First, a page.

As of today I’m heading Interfaith Reflections in a new direction, talking about faith and politics. I’m doing this because my country is stressed by social inequalities and injustices that threaten to tear it apart, and perhaps irretrievably destroy its citizens’ trust in democracy.
As a person of faith and a pastor I’m taking this step not to stir up anger, but to protest unfair and unrighteous treatment of “the least of these,” as Jesus put it. I take up my pen as the Hebrew prophets did, to defend the poor and the dispossessed, and to call the nation back to paths of righteousness. My motives are similar to J. Herbert Nelson’s, the Director of the Office of Public Witness of the Presbyterian Church U.S.A., who was arrested in July while protesting with interfaith colleagues in Washington, DC. He wrote:
My call to be arrested is united with a challenge to break through the mess of political spin and sound bites that inflame the U.S. electorate without informing it. Church leaders cannot stand idly by while our congregants lose their homes, withdraw their children from college because financial aid is cut, live in fear that their social security checks will not be delivered, search fruitlessly for jobs to support their families, and watch their children grow up uneducated and without opportunity. Isaiah is right, “The Lord will guide you always.” However, we are required to put some feet on our prayers. We must move toward building a world that represents the will of God for our lives. At this time, it will take extraordinary faith, courage, and resilience to transform this broken political machinery. However, the greatest challenge is rediscovering as a nation the true virtues of government of the people, by the people and for the people. My prayer is that others will take on leadership roles in their local communities, to challenge the fallen structures of our day. Our challenge begins by rethinking and discerning our call. Church leaders are called to a public witness. Therefore, as we encounter a Congress that is unwilling to compromise for the good of the nation, let us not despair, but remember our mission, which our Savior makes clear at the very beginning of his ministry:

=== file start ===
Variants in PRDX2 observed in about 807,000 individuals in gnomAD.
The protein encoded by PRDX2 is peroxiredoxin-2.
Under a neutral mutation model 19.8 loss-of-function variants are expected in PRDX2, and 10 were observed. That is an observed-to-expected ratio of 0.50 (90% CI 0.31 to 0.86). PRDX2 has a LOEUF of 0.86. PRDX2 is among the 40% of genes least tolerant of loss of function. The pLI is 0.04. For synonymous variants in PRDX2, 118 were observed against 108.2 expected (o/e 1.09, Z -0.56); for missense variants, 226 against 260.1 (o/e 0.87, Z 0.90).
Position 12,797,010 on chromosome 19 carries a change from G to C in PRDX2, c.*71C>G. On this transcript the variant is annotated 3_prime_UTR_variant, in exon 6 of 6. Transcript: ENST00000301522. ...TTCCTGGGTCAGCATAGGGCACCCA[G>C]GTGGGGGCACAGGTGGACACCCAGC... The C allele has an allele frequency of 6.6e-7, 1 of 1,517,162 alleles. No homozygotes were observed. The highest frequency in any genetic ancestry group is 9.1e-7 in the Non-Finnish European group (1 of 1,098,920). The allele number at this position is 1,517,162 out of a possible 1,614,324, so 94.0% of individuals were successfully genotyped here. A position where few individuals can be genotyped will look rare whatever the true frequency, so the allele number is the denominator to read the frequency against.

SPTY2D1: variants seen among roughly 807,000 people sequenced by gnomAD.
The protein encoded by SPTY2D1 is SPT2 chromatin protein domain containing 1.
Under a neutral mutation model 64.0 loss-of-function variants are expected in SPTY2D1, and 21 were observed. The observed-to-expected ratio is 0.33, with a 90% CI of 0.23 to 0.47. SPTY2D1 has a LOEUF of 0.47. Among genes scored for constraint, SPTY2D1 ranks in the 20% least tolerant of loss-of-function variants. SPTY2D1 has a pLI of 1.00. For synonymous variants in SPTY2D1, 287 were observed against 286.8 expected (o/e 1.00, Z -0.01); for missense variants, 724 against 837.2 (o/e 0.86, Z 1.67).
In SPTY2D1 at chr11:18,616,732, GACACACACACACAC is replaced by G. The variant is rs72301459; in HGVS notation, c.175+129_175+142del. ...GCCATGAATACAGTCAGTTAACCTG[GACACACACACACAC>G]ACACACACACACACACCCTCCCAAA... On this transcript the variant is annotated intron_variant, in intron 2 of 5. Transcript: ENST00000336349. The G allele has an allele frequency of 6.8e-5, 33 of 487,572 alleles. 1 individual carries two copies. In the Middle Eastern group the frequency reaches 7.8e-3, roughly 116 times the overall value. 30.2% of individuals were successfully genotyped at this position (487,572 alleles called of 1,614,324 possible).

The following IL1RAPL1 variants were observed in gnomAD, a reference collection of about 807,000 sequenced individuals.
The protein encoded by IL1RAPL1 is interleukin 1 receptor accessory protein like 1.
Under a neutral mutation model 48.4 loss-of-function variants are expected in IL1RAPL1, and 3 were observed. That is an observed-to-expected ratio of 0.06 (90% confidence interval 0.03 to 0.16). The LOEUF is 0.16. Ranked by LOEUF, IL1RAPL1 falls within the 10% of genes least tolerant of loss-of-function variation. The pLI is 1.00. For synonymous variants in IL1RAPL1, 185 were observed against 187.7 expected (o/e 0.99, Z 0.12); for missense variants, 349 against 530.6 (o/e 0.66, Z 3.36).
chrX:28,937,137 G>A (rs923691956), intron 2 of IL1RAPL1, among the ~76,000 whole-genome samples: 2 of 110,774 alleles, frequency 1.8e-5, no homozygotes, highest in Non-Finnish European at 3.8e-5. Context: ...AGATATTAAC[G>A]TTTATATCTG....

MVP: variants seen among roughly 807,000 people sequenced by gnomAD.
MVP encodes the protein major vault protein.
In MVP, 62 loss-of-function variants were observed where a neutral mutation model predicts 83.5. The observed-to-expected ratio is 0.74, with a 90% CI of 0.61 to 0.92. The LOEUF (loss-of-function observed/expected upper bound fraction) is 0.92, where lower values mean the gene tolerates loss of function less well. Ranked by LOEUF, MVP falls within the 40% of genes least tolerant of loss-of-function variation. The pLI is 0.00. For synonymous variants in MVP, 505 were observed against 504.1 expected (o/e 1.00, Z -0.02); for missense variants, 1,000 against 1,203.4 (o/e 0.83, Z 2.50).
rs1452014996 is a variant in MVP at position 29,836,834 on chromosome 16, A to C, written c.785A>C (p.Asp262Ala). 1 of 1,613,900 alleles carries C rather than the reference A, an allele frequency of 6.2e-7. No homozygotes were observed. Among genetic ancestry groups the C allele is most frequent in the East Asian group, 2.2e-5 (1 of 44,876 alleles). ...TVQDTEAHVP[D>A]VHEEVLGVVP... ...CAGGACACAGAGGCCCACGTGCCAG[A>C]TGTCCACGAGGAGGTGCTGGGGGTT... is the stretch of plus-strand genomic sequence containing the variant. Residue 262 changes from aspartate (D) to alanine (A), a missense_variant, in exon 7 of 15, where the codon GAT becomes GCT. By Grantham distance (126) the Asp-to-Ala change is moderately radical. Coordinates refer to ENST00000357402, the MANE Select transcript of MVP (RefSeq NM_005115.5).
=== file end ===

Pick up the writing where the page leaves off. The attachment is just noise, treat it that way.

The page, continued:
because he has anointed me
to bring good news to the poor.
He has sent me to proclaim release to the captives
and recovery of sight to the blind,
to let the oppressed go free,
to proclaim the year of the Lord’s favor. ”
J. Herbert’s plea that we “put some feet on our prayers” is being answered in part, I believe, by the Occupy movement, which started on September 17th in New York City, and has since spread to many U.S. cities, including my own, Wilmington, Delaware. My wife and I have been participating in the general assembly meetings of this grass-roots movement. We are encouraged by Occupy’s process of decision-making, which is something like a mashup of Roberts’ Rules of Order and the Quaker process of concensus building. We are also impressed by the gentleness and kindness of most participants. The violent and destructive behavior of Occupy hanger-ons in Oakland, California was not representative of the movement, and has rightfully been decried by Occupiers who are faithful to the moment’s ideals.
This is an interfaith blog. I am a concerned Christian who has begun a thread about viewing the ills of our nation from a personal faith perspective. I invite my local interfaith friends, and blog visitors to join the discussion. How does your faith speak to the social ills that threaten to tear us apart? How does your faith speak to the waning trust in our democracy? Are you encouraged by the Occupy movement? By the Tea Party movement? By some other sign of righteous indignation? Please think critically, and do your best to write with compassion and respect.
- ‘Protest Chaplains’ Shepherd Movement’s Spiritual Side (huffingtonpost.com)
- Richard Schiffman: Zen and the Art of Occupy Wall Street (huffingtonpost.com)